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Syngenta calls time on fall in agrichemical prices

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Syngenta called time on the two-year slide in farmers' agrichemical bills, announcing that it was raising prices "across the business" by levels above that suggested by increased raw material costs.

The seeds and sprays giant revealed that its prices had stopped falling in the April-to-June quarter, breaking a trend dating back to mid-2009, when the market suffered a double whammy of economic downturn coupled with an oversupply in off-patent agrichemicals, largely from Chinese manufacturers.

And it highlighted a "favourable price outlook", as elevated crop prices encourage a drive by farmers to maximise yields.

"The outlook for pricing for the rest of the year is positive," Michael Mack, the Syngenta chief executive, said.

The group was, for the 2012 season, "currently raising prices across the business with the aim of achieving an overall increase in the mid single digits".

Besides offsetting raw material cost increases, which for oil it saw remaining below $100m in 2012, the raises would provide funding for a group shake-up which is reforming it around geographical lines, from separate seed and sprays divisions.

Sold out

Many observers have assumed that agrichemical prices will continue to remain depressed, failing to follow the recovery shown by some other farm inputs, such as fertilizers.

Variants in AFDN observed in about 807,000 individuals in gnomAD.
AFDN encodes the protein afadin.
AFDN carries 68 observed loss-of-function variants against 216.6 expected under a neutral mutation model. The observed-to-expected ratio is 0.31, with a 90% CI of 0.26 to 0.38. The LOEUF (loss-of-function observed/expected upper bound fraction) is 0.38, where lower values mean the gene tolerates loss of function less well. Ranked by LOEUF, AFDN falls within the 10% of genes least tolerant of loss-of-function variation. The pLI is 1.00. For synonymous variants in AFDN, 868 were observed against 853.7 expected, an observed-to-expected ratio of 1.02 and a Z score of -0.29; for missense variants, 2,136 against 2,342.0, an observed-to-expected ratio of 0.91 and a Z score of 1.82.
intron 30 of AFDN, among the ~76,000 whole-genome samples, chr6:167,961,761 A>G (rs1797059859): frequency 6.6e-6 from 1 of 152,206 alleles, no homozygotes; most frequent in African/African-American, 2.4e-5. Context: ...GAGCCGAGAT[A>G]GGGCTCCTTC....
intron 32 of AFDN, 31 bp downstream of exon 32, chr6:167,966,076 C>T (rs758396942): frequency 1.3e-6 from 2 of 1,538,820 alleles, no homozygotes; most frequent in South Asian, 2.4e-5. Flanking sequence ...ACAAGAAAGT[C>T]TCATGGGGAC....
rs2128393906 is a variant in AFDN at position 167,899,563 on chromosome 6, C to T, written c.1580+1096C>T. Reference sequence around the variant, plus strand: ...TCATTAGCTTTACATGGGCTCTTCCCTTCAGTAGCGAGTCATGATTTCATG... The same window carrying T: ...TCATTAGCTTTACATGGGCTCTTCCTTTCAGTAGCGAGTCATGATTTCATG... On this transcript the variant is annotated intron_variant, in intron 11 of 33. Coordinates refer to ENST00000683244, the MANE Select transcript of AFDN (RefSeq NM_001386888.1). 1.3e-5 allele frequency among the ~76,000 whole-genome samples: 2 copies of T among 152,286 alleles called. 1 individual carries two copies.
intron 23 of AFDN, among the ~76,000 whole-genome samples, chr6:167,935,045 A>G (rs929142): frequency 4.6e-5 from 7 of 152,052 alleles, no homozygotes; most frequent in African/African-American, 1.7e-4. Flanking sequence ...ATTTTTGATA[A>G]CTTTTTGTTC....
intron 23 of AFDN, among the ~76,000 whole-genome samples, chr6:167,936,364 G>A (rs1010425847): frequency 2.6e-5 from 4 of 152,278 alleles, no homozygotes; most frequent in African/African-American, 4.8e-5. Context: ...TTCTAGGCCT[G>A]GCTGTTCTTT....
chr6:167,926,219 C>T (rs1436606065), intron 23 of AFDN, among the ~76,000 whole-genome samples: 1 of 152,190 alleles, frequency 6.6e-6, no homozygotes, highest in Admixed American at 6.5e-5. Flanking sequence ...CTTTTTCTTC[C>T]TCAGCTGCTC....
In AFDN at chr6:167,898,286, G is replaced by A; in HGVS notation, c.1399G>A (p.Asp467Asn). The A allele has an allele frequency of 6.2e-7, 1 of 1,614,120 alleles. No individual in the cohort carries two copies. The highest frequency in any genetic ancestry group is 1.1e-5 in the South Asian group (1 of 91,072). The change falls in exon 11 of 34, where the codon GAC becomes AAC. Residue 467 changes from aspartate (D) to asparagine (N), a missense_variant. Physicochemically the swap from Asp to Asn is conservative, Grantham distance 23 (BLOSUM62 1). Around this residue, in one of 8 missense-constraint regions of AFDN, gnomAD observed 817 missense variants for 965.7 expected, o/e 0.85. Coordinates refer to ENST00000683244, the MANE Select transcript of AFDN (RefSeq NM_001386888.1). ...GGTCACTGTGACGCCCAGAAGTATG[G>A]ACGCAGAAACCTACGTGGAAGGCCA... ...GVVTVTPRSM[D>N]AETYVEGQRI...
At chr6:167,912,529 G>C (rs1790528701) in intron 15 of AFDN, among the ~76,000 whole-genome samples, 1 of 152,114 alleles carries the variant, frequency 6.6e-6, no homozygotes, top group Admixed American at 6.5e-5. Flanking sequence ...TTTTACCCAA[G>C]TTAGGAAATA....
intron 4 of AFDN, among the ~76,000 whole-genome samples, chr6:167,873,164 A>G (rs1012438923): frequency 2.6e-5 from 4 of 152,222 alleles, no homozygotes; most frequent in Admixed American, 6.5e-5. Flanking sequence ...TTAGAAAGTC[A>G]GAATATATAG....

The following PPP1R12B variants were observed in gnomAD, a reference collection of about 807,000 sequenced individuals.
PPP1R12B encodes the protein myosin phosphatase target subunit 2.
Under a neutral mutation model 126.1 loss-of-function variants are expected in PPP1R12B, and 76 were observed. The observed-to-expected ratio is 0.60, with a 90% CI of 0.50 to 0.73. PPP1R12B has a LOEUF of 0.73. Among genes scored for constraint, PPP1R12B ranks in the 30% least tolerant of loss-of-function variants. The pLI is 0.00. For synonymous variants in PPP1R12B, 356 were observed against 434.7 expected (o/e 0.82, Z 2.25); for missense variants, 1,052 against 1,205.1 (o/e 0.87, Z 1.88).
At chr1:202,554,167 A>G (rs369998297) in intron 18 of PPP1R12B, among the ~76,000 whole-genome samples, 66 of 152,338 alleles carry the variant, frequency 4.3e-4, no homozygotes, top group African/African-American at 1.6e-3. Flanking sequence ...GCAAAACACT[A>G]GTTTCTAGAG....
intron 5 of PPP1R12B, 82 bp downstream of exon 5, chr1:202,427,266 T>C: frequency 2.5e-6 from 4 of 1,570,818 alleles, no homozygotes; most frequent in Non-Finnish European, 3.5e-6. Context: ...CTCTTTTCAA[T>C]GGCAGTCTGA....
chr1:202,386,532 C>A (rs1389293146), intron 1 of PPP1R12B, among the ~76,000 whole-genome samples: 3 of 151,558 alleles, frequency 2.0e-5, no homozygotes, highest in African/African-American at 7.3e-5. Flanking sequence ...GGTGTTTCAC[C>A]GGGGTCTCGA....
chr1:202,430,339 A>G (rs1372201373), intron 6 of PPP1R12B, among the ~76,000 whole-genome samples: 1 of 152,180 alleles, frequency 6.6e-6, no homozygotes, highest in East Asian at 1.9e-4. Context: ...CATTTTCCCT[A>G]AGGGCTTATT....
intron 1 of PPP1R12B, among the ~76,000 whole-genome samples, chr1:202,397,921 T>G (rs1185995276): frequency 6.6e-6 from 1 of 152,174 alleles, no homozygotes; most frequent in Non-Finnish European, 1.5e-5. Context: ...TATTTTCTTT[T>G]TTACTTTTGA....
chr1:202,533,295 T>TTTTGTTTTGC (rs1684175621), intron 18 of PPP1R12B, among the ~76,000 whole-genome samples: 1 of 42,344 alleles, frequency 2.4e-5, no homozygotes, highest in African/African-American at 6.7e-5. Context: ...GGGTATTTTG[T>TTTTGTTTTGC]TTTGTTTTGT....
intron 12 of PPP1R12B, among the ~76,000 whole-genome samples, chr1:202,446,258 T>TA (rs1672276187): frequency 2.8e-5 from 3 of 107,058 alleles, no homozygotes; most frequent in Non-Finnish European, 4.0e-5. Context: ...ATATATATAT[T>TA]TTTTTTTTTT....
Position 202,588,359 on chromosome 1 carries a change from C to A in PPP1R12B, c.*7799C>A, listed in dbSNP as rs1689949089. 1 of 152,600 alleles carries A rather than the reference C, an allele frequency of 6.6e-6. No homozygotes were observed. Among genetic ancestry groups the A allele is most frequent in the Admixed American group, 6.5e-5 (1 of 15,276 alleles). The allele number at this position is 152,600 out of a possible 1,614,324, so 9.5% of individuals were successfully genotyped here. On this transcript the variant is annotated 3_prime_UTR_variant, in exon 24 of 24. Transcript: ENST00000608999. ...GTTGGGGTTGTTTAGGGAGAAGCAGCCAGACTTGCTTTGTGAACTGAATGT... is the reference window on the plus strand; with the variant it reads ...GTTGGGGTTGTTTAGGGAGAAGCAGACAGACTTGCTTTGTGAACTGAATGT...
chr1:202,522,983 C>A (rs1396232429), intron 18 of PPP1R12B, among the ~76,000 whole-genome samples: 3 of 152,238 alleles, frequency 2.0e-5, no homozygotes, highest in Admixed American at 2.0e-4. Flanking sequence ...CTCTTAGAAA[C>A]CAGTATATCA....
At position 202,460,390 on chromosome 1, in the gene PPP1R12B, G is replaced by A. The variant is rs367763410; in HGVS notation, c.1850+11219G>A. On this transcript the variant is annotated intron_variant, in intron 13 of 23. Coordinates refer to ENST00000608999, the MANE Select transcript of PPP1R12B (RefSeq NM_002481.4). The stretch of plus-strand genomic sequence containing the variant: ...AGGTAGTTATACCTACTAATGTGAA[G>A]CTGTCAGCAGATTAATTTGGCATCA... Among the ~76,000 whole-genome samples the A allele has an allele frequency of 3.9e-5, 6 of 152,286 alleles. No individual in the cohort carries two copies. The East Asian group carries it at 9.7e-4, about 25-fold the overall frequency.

University of Illinois academics this week forecast farmers' pesticide bills remaining stable in 2012 from 2011.

However, Syngenta revealed that it had already seen reduced competition from generic product in the North American market for atrazine – at a time when demand for the weedkiller has been spurred by the highest US corn plantings since World War 11.

Indeed, the group revealed that supplies of its cutting edge, genetically modified Agrisure Viptera corn seed, responsible for about 20% of the North American portfolio, had sold out.

Profits rise

Syngenta also reported "particularly strong" growth in the former Soviet Union, where it exploited the growing popularly of sunflower seed and of high-performing hybrid" seeds, besides a return to better weather.

Overall seed sales rose 17% to $848m in the April-to-June quarter, with takings in the larger crop protection division gaining 14% to $2.84bn on growth in volumes.

For the first six months of 2011, group sales rose 14.3% to $7.70bn - supporting growth of 13.4% to $1.43bn in earnings, a figure close to market forecasts.

Indeed, Credit Suisse analysts said the statement showed "an in-line set of results with great progression in the seeds business - particularly the strong margin development".

Nonetheless, Syngenta shares stood 1.5% lower at SFr270.10 in afternoon trade, and earlier hit a nine-month low of SFr263.90.


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